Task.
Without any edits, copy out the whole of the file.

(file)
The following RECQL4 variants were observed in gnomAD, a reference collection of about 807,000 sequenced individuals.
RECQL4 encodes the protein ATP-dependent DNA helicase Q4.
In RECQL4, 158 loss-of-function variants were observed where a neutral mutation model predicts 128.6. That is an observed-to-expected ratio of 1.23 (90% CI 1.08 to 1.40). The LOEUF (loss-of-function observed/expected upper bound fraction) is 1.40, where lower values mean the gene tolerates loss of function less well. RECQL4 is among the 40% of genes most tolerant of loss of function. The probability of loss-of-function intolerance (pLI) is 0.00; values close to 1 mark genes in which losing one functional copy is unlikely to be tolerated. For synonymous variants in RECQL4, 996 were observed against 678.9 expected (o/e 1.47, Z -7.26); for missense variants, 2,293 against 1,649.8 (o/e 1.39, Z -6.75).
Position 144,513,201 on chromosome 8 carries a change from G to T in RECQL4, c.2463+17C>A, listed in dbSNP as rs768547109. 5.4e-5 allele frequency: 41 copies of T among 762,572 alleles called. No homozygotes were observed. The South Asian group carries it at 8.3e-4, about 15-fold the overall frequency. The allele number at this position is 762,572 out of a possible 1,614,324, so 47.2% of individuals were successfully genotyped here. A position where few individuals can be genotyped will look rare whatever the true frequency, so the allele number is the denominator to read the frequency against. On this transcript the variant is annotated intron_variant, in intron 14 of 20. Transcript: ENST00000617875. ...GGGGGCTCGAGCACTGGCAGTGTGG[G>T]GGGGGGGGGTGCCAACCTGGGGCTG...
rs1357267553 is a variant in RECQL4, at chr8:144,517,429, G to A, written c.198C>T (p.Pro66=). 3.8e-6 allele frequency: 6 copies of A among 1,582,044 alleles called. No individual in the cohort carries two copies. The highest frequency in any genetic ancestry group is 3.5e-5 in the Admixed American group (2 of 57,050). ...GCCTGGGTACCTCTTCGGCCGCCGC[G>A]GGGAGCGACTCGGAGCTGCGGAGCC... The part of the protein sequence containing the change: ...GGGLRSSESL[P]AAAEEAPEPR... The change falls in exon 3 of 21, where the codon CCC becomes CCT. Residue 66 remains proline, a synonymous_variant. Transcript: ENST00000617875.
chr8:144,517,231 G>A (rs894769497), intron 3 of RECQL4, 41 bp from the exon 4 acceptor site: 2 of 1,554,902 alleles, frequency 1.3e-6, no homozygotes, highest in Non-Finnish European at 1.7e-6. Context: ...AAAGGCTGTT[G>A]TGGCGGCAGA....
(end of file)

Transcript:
The following RECQL4 variants were observed in gnomAD, a reference collection of about 807,000 sequenced individuals.
RECQL4 encodes the protein ATP-dependent DNA helicase Q4.
In RECQL4, 158 loss-of-function variants were observed where a neutral mutation model predicts 128.6. That is an observed-to-expected ratio of 1.23 (90% CI 1.08 to 1.40). The LOEUF (loss-of-function observed/expected upper bound fraction) is 1.40, where lower values mean the gene tolerates loss of function less well. RECQL4 is among the 40% of genes most tolerant of loss of function. The probability of loss-of-function intolerance (pLI) is 0.00; values close to 1 mark genes in which losing one functional copy is unlikely to be tolerated. For synonymous variants in RECQL4, 996 were observed against 678.9 expected (o/e 1.47, Z -7.26); for missense variants, 2,293 against 1,649.8 (o/e 1.39, Z -6.75).
Position 144,513,201 on chromosome 8 carries a change from G to T in RECQL4, c.2463+17C>A, listed in dbSNP as rs768547109. 5.4e-5 allele frequency: 41 copies of T among 762,572 alleles called. No homozygotes were observed. The South Asian group carries it at 8.3e-4, about 15-fold the overall frequency. The allele number at this position is 762,572 out of a possible 1,614,324, so 47.2% of individuals were successfully genotyped here. A position where few individuals can be genotyped will look rare whatever the true frequency, so the allele number is the denominator to read the frequency against. On this transcript the variant is annotated intron_variant, in intron 14 of 20. Transcript: ENST00000617875. ...GGGGGCTCGAGCACTGGCAGTGTGG[G>T]GGGGGGGGGTGCCAACCTGGGGCTG...
rs1357267553 is a variant in RECQL4, at chr8:144,517,429, G to A, written c.198C>T (p.Pro66=). 3.8e-6 allele frequency: 6 copies of A among 1,582,044 alleles called. No individual in the cohort carries two copies. The highest frequency in any genetic ancestry group is 3.5e-5 in the Admixed American group (2 of 57,050). ...GCCTGGGTACCTCTTCGGCCGCCGC[G>A]GGGAGCGACTCGGAGCTGCGGAGCC... The part of the protein sequence containing the change: ...GGGLRSSESL[P]AAAEEAPEPR... The change falls in exon 3 of 21, where the codon CCC becomes CCT. Residue 66 remains proline, a synonymous_variant. Transcript: ENST00000617875.
chr8:144,517,231 G>A (rs894769497), intron 3 of RECQL4, 41 bp from the exon 4 acceptor site: 2 of 1,554,902 alleles, frequency 1.3e-6, no homozygotes, highest in Non-Finnish European at 1.7e-6. Context: ...AAAGGCTGTT[G>A]TGGCGGCAGA....